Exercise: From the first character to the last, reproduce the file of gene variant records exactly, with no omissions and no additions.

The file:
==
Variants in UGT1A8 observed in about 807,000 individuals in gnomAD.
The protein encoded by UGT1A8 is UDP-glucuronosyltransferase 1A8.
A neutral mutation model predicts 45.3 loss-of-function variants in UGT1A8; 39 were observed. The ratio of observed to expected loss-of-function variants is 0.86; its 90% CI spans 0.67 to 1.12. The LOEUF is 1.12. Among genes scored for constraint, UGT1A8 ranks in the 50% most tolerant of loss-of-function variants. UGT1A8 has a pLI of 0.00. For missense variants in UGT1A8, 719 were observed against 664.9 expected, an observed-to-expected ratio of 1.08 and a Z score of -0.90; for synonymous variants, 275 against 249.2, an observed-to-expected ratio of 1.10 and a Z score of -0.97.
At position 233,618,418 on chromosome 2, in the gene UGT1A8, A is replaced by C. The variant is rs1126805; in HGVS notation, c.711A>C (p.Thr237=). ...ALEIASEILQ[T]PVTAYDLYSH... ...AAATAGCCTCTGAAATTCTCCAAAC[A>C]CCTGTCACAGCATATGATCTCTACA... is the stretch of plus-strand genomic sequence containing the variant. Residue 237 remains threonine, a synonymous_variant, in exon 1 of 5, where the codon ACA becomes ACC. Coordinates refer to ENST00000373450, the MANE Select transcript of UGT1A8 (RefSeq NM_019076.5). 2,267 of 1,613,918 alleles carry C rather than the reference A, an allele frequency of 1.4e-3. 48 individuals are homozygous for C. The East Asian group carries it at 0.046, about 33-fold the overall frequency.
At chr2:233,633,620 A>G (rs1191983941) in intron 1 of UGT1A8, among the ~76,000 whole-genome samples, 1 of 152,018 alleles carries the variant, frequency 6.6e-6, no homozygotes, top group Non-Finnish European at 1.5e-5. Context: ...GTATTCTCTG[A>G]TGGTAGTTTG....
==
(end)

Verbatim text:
Variants in UGT1A8 observed in about 807,000 individuals in gnomAD.
The protein encoded by UGT1A8 is UDP-glucuronosyltransferase 1A8.
A neutral mutation model predicts 45.3 loss-of-function variants in UGT1A8; 39 were observed. The ratio of observed to expected loss-of-function variants is 0.86; its 90% CI spans 0.67 to 1.12. The LOEUF is 1.12. Among genes scored for constraint, UGT1A8 ranks in the 50% most tolerant of loss-of-function variants. UGT1A8 has a pLI of 0.00. For missense variants in UGT1A8, 719 were observed against 664.9 expected, an observed-to-expected ratio of 1.08 and a Z score of -0.90; for synonymous variants, 275 against 249.2, an observed-to-expected ratio of 1.10 and a Z score of -0.97.
At position 233,618,418 on chromosome 2, in the gene UGT1A8, A is replaced by C. The variant is rs1126805; in HGVS notation, c.711A>C (p.Thr237=). ...ALEIASEILQ[T]PVTAYDLYSH... ...AAATAGCCTCTGAAATTCTCCAAAC[A>C]CCTGTCACAGCATATGATCTCTACA... is the stretch of plus-strand genomic sequence containing the variant. Residue 237 remains threonine, a synonymous_variant, in exon 1 of 5, where the codon ACA becomes ACC. Coordinates refer to ENST00000373450, the MANE Select transcript of UGT1A8 (RefSeq NM_019076.5). 2,267 of 1,613,918 alleles carry C rather than the reference A, an allele frequency of 1.4e-3. 48 individuals are homozygous for C. The East Asian group carries it at 0.046, about 33-fold the overall frequency.
At chr2:233,633,620 A>G (rs1191983941) in intron 1 of UGT1A8, among the ~76,000 whole-genome samples, 1 of 152,018 alleles carries the variant, frequency 6.6e-6, no homozygotes, top group Non-Finnish European at 1.5e-5. Context: ...GTATTCTCTG[A>G]TGGTAGTTTG....